Finding God in Life’s Waiting Room

“You have a plan for me.”

Each day I wake to these words, the opening lyrics to a worship song I set as my alarm some rejections ago. If I’m untroubled, I stop the song there and start my day. Other mornings, when my pillow is still damp from the previous night’s cry or my heart worn from waiting—35 years for a spouse, 15 months for a job, indefinitely for the resurrection of friendships lost—I let the whole thing play. Battling waves of envy, frustration, and shame I wait, echoing the psalmist’s heavenward cry: “My eyes fail, looking for your promise” (Ps. 119:82).

Delay can often feel like a burden. I used to squander such seasons, longing in vain for timely answers to tired prayers. I’d launch a countdown to God’s yes—and withhold praise until it arrived. Sadly, I knew nothing of the power that could transform a seemingly fallow, horizonless wait into one of lush, redemptive possibility. My eyes failed, looking not for Christ but for escape.

Waiting isn’t the wasted space around the greatest blessings of our lives; it’s their incubator. It tutors us in the way of faith, that divine vision beyond human sight (2 Cor. 5:7). It forces us to confront our insecurities and cross-examine our doubts. Above all, waiting invites us to retrace the well-worn paths of grace back to a bloody cross and empty tomb.

Weary and impatient, I’ve pelted God with questions: Will I ever be loved? Will unemployment ruin me? When will you reconcile this? However I articulate them, though, I’m convinced my questions sound to his ear more like, Are you really in control here? Are you trustworthy? Are you . . . enough?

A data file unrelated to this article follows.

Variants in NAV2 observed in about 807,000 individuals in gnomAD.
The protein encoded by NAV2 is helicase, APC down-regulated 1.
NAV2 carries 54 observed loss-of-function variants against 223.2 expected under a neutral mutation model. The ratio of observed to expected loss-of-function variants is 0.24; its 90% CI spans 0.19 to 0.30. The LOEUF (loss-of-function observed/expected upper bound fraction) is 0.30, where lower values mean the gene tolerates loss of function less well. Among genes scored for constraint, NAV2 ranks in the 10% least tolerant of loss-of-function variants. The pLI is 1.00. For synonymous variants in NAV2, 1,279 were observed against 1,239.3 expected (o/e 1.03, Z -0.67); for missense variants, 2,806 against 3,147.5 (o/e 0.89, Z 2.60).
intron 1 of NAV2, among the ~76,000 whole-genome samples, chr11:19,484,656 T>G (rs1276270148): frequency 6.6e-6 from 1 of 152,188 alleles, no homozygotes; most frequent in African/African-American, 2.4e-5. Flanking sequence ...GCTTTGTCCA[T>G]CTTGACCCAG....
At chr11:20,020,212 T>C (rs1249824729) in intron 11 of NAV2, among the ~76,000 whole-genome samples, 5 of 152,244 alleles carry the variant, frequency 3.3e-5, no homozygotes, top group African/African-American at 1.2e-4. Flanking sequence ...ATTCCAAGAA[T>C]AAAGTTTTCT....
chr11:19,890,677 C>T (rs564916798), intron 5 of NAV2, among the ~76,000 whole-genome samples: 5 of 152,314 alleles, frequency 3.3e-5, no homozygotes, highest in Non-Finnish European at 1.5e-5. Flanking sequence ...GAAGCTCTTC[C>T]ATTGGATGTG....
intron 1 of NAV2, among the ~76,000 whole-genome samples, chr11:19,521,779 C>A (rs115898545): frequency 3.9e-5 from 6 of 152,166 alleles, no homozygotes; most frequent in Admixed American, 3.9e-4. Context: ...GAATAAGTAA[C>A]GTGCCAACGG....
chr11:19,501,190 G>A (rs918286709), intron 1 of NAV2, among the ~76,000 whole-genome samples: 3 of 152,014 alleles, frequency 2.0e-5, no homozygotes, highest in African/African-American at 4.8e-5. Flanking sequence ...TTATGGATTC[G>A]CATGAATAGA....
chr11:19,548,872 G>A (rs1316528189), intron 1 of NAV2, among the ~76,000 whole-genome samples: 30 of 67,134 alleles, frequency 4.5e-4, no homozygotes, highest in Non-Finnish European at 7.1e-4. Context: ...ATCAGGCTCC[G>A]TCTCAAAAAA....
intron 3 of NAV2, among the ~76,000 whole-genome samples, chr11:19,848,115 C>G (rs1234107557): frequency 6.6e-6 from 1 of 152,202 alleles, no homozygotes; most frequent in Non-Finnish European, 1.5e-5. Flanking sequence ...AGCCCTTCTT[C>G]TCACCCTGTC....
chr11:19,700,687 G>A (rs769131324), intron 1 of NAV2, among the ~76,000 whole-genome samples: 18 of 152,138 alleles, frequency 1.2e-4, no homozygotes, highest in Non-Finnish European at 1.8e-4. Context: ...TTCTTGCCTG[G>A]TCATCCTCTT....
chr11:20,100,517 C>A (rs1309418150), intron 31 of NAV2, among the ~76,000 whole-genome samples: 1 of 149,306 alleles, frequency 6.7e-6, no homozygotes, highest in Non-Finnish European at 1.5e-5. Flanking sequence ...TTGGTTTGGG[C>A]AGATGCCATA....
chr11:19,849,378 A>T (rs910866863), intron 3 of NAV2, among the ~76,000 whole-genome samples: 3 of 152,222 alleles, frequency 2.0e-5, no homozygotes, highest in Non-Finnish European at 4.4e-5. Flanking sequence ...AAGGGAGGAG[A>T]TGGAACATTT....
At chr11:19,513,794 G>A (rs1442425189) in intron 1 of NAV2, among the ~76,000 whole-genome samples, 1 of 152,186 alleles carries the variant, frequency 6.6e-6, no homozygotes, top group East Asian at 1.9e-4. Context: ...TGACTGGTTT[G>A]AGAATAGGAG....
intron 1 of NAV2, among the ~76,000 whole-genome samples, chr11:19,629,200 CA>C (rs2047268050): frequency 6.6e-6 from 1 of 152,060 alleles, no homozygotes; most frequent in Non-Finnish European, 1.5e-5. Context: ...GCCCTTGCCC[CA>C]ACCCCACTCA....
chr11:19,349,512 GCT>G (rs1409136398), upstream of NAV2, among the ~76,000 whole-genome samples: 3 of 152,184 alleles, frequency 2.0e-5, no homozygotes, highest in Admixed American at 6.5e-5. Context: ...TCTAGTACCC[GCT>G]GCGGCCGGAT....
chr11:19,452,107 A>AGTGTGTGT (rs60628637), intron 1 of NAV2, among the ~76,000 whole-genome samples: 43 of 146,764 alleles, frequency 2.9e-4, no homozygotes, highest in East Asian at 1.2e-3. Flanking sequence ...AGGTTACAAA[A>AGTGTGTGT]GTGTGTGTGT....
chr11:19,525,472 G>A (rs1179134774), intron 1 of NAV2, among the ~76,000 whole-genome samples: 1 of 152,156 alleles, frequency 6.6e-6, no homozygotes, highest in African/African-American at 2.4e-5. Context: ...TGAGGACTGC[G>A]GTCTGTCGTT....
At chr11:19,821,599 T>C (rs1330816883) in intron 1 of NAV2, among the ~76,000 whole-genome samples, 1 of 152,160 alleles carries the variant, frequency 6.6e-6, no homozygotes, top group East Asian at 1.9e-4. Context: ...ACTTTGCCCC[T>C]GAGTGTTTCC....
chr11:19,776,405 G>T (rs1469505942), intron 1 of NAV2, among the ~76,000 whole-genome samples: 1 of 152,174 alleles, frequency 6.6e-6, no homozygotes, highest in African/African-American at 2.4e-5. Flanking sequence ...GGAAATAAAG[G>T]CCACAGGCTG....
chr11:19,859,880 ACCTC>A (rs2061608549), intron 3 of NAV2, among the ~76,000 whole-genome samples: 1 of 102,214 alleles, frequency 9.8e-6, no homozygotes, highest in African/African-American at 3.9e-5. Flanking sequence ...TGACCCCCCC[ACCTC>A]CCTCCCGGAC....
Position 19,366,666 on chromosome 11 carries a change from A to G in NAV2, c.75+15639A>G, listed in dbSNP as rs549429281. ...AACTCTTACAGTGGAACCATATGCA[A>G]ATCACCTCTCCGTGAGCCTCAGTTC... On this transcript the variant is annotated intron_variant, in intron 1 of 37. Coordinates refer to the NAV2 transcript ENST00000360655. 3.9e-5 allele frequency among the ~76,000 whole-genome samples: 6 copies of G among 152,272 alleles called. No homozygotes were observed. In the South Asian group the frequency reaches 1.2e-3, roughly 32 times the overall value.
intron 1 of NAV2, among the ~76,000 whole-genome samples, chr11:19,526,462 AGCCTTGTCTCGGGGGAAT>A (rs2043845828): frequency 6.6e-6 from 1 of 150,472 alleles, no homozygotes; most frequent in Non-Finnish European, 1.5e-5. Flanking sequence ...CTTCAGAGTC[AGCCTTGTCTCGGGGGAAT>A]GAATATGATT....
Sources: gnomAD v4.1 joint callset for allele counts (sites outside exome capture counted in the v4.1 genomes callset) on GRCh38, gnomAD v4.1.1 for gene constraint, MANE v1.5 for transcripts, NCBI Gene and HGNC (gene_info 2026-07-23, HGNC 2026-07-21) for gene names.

Yet with patience, God has accompanied me through valleys of acute need. Along that terrain, he’s revealed his character in three profound and personal ways.

Is He Trustworthy?

For years, I made a lifestyle out of being faithless while hoping God would remain faithful. Although I’d once known the thrill of believing in a kind and able God, I’d begun, conditioned by disappointment, to bow before a god worth second-guessing whenever our timelines clashed.

As I examined my heart, I grieved my lack of faith. I sincerely wanted to trust God through my story’s unfinished middle. One romantic rejection away from breaking, I finally weighed my options: I could choose to see God’s blessing only when his yes aligned with my will, or I could take him at his word and trust the perpetual yes secured for me in Christ.

To trust God as I wait requires practicing the discipline of remembrance. Recalling his wondrous works re-magnetizes my heart Godward. My Bible reminds me I serve a loving and committed Savior. My life reminds me I’ve already experienced deliverance after deliverance by unpredictable grace. Rather than train myself, in disbelief, to be satisfied only with my will, I learn to suck the nectar of faith from disappointment and to find Christ both sufficient and sweet. Oh the fear-defying joy of trusting an almighty and attentive God!

Is He Enough?